PLATTSBURGH, N.Y. — A prison worker who got "caught up in the fantasy" of a breakout planned by two killers told investigators she performed sex acts with one of the men and took naked photos of herself for the other.
Joyce Mitchell, 51, an instructor in the tailor shop at the Clinton Correctional Facility in upstate New York, tearfully pleaded guilty Tuesday to helping prisoners Richard Matt and David Sweat escape. She faces a sentence of 2 1/3 to seven years in prison under terms of a plea deal with prosecutors.
Her lawyer, Stephen Johnston, said Mitchell realizes she made a "horrible mistake" by getting involved with Matt and Sweat, who staged an elaborate escape from the maximum-security prison on June 6.
"She got in over her head into something that she never should have started. But she did, and she's paying the price now," Johnston said outside court. "I think that to a certain extent, Matt got her to feeling good about herself, better than she had for a period of time, and she was swept off her feet a bit. ... And then when she realized who she was dealing with, everything changed."
Matt was shot and killed by searchers June 26, about 30 miles west of the prison. Sweat was captured near the Canadian border two days later and sent to another prison.
Mitchell's sentencing is set for Sept. 28. Johnston said his client will not be able to post the bail of $100,000 cash or $200,000 bond.
In documents first obtained by NBC News, Mitchell told investigators she believed she helped the two inmates escape because she "was caught up in the fantasy" of their plot.
"I enjoyed the attention, the feeling both of them gave me and the thought of a different life," she said in a statement.
"Matt told me they were getting out and we were all going to be together," Mitchell said.
In April, Mitchell said, she was alone with Matt in the tailor shop when he grabbed her and kissed her.
"It startled me. He kissed me with an open mouth kiss. I didn't say anything because I was scared for my husband, who also works for the facility," Mitchell said.
In May, Matt asked her to perform oral sex and she so did out of fear, Mitchell said. On two or three other occasions, she said, Matt would come to her desk wearing a large coat in which he'd cut a hole so Mitchell could fondle him.
She said she took photos of her breasts and genitals and gave them to Matt to give to Sweat.
Mitchell told police the escape plan involved the inmates giving her pills to knock out her husband so she could pick them up in her vehicle. Then she was supposed to take them to her home, where Matt planned to kill her husband, whom he referred to as "the glitch," Mitchell said in her statement. She also said the inmates planned to drive to an unspecified hideout in the woods 6 to 7 hours from the prison in Dannemora.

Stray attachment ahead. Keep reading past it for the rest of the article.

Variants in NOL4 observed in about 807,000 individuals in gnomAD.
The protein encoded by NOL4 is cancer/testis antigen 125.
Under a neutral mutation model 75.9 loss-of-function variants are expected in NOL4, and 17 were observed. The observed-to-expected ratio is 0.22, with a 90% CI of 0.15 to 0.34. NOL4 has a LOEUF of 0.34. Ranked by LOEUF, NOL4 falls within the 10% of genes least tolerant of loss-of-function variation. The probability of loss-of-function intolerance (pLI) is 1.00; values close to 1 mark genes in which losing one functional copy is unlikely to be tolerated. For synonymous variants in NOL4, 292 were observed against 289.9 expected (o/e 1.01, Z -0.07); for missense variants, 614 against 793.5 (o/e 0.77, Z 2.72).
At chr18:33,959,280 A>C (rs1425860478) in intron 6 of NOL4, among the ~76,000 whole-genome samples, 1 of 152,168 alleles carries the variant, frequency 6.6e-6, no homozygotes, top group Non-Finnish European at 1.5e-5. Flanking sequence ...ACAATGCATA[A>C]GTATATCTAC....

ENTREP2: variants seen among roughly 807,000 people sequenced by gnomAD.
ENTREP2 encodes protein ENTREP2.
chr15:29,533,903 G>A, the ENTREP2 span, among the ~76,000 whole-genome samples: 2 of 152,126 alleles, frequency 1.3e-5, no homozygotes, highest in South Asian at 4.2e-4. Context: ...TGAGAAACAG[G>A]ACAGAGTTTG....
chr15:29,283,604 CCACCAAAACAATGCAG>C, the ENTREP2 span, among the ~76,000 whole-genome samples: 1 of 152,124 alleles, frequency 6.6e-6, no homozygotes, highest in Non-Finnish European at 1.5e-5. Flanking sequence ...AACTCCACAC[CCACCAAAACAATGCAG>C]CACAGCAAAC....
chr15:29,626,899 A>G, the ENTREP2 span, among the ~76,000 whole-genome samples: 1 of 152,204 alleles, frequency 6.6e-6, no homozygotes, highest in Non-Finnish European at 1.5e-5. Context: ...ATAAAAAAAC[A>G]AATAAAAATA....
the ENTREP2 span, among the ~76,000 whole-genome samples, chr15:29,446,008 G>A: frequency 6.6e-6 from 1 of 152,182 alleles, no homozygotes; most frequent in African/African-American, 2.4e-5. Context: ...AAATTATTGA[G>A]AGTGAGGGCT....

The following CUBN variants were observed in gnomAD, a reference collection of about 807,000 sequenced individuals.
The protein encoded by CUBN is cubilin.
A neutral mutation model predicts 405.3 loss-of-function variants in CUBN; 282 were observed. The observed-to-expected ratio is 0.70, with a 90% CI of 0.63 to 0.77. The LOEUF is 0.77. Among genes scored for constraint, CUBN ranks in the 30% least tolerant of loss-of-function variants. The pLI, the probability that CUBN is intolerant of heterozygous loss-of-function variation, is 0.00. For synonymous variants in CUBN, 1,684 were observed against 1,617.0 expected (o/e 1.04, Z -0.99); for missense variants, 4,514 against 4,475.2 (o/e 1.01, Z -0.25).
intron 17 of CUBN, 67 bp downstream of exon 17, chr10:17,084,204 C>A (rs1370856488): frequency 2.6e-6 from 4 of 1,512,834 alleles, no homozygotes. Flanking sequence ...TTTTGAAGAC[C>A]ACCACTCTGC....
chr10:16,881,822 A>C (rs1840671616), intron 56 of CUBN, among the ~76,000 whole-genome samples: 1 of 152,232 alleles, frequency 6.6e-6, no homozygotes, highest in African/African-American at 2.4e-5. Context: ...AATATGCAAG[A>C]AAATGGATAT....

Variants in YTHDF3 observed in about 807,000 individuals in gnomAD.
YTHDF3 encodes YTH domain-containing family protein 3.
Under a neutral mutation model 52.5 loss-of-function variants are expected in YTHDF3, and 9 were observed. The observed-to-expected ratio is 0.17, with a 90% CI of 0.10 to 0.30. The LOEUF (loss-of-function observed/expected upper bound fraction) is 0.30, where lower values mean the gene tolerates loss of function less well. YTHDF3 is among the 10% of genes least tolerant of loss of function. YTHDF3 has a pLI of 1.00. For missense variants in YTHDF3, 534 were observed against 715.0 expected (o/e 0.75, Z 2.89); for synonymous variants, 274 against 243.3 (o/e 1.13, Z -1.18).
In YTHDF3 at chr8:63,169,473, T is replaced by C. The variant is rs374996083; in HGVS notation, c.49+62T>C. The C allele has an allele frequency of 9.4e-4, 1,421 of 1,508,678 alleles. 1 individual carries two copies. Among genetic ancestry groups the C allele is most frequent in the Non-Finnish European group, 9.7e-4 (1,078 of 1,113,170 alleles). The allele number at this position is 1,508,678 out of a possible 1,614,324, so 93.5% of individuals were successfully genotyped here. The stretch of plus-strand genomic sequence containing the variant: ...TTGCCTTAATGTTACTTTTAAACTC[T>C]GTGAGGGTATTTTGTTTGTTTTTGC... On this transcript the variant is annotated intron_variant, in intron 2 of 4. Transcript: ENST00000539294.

In another statement, she admitted she passed notes, some of which were "of a sexual nature" to Matt to give to Sweat. Sweat was reassigned from her tailor shop after rumors surfaced that he was romantically involved with Mitchell.
District Attorney Andrew Wylie said separate cases against Sweat and Gene Palmer, a guard who investigators accuse of unwittingly helping the two inmates, are expected to go before a grand jury next month.
"At this time, there are no other individuals who have been identified through the investigation as being involved directly or indirectly" with the escape, Wylie said.
Prosecutors say Mitchell provided hacksaw blades, chisels, a punch tool and a screwdriver to Matt on May 1. Authorities say she became close with the pair and agreed to be their getaway driver. But she backed out at the last moment, forcing the two to flee on foot after they emerged from a manhole near the prison.
Investigators also said Mitchell had discussed killing her husband, Lyle Mitchell, as part of the plot.
Lyle Mitchell was in court Tuesday and declined to speak with an Associated Press reporter.
Wylie said a grand jury could have considered other counts against Joyce Mitchell, including conspiracy to commit murder and sexual-related charges based on allegations involving the inmates. But he said he accepted pleas on two clearly provable charges — first-degree promoting prison contraband, a felony, and fourth-degree criminal facilitation, a misdemeanor— "in the interest of justice."
The deal requires Mitchell to cooperate with a probe by the state inspector general.
Authorities said she smuggled the tools into the prison by hiding them in frozen meat she placed in a refrigerator in the tailor shop. They said Palmer then took the meat to Sweat and Matt, who were housed in a section where inmates are allowed to cook their meals.
Authorities do not believe Palmer knew of the escape plan. He was released on bail after being arrested on charges including promoting prison contraband.
Mitchell, who was arrested June 12, resigned from her job but remains eligible for a pension, according to corrections officials and the state comptroller's office.
Matt and Sweat cut through their adjoining cell walls over months, climbed down catwalks to tunnels and broke through a brick wall. They then cut into a steam pipe and cut a chain holding a manhole cover outside the prison to get away, authorities said.